Once I sold Amway. That’s the sort of confession I generally save for those party games where you’re supposed to reveal something you usually keep to yourself, something that no one would ever guess about you, something that reaches partway but not completely into your stash of embarrassing self-knowledge. I like to think that as a writer I have a pretty big stash, and that I’m not overly ashamed about rummaging through it. But maybe that’s an illusion, the sort of thing we talk ourselves into because it goes with our turf.

David Vann got me thinking about Amway. Partly it was what he said in yesterday’s post about engagement being more satisfying than leisure, which has no small connection, I think, with the rogue sheep Lappie. But also it’s his book A Mile Down, which I just finished with that mix of satisfaction and sadness that happens whenever something good comes to an end. In this case, gratitude was part of the mix – gratitude for this meeting place of writers, without which it might have taken me a long time to meet David Vann and his good work.

Of course A Mile Down is not about Amway. As the subtitle aptly notes, it’s “the true story of a disastrous career at sea.” But as anyone who’s had a brush with networking marketing knows, Amway is not really about soap. It’s about dreams. Which would make another apt subtitle for David’s book, although the original is surely much better from a marketing standpoint.

We’re funny about dreams. Some people pine for them with a wistfulness that becomes it own satisfaction. Some labor long and hard at work they don’t love, dreaming of leisure, only to learn David’s lesson too late. Maybe in the end it’s a combination of age and disastrous misadventures, not necessarily at sea, that swings us back around to the obvious: doing what you love is its own satisfaction.

I thought of this all in the context of a very nice review of my new book in Sunday’s Fairbanks News Miner. The nicest thing about the review is that it discusses the book in a thoughtful and meaningful way that helps readers figure out if it’s something they’d like to read. In short, it’s a real review, and as we all know real reviews are an increasingly scarce commodity, especially in Alaska. But it’s also the first review that said much about my career as an author, my body of work, if you will, which sound ridiculously pretentious. “Deb Vanasse has published a fairly impressive number of books during her 30 years in Alaska” – that’s the opening line.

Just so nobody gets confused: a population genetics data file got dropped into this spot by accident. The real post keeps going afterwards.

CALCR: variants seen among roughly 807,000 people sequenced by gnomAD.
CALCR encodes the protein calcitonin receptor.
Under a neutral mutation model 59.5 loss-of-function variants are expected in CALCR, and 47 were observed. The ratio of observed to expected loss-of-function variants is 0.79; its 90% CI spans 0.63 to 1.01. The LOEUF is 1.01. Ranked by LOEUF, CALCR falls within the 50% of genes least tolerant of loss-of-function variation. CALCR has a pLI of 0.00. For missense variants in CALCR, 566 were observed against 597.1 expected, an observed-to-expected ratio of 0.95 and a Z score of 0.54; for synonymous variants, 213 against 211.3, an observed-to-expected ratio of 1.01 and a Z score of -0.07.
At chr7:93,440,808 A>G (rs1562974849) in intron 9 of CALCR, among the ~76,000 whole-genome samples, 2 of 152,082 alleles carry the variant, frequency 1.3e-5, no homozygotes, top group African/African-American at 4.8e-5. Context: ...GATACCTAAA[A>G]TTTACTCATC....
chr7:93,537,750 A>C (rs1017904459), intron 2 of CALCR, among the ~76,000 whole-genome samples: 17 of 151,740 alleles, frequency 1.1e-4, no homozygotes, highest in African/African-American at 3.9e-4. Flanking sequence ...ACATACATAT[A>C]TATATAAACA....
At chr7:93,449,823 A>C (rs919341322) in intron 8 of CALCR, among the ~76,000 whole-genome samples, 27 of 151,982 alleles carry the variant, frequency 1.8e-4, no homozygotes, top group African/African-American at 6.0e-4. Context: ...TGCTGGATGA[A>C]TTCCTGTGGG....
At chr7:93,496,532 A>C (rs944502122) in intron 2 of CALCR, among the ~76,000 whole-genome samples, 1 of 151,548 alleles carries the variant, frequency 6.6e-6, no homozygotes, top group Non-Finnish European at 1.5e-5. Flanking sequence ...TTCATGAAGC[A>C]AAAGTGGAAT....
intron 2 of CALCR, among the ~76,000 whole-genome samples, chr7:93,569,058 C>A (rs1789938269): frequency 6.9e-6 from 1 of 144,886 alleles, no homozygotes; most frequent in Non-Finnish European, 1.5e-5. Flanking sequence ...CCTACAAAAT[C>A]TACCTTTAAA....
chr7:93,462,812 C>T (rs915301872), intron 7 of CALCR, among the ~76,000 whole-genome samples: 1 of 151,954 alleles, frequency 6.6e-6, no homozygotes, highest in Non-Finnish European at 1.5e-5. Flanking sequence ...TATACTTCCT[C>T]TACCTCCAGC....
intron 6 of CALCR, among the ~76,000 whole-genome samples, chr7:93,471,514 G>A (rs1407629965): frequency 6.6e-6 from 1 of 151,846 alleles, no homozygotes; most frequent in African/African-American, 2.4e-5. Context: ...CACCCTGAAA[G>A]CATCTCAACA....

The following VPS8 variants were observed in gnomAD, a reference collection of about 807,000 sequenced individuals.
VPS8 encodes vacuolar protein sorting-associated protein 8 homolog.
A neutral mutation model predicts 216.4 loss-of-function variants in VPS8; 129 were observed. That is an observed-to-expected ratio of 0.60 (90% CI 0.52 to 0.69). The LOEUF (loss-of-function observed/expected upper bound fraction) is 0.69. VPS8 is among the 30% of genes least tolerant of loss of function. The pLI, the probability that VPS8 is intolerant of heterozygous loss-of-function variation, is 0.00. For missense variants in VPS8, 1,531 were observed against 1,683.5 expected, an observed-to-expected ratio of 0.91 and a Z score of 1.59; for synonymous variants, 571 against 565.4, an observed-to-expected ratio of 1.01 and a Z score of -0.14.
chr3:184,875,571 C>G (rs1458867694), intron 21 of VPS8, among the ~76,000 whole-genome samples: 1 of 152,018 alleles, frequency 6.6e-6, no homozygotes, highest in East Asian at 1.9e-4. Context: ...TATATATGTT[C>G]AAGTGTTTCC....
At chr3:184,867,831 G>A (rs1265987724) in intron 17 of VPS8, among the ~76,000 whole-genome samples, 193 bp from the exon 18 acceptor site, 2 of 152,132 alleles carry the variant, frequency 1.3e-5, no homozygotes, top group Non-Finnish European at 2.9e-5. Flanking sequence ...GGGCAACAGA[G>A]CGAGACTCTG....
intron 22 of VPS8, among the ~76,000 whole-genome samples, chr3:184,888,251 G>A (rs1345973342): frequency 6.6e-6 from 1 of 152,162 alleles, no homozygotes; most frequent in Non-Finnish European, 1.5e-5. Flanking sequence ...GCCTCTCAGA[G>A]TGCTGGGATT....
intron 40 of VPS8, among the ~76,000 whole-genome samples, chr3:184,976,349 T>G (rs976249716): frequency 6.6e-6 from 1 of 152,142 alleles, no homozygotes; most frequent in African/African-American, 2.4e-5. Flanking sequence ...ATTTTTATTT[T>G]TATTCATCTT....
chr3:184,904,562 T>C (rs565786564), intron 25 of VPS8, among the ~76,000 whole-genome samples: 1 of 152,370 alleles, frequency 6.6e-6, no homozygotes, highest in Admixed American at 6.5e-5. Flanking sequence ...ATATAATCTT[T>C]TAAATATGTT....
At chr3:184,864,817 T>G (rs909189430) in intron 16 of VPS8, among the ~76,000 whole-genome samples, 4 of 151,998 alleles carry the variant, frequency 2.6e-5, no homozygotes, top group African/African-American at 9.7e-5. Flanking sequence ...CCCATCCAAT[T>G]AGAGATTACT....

What I found interesting was how reading that opening affected me, which is to say not much. When I first got serious about writing, I longed for day when someone would offer that kind of “proof” that I’d made it. But from where I sit now, it’s more of a shrug, an acknowledgement, a reminder to be grateful for all that has fallen my way, and then getting back to work on my latest project. Because the joy is not in someone affirming we’ve made it. The joy is in the making.

4 thoughts on “Satisfaction”

  1. Thanks for the kind comments, Deb. And great post. You’re far more eloquent on the subject of dreams and satisfaction than I am. I agree entirely with everything you’ve said. I still get caught up constantly in dreams, in new imaginations of different futures. My wife and I make a pastime of it. I should mention, also, that my uncle sold AmWay and I wrote a story about it. AmWay offers a clear view into America in many ways, in my opinion.

  2. AmWay, talk radio, even Oprah’s book club (insert here a plug from my brother’s book, Revolt of the Masscult) – all say much about who we are and who we long to be. As does, in many ways, Alaska.

  3. Andromeda Romano-Lax

    Yes, all good thought. And congrats Deb on several fronts — while flying home last night, I saw “Picture This Alaska” written up in a sidebar in the AK Airlines flight magazine. Way to go.

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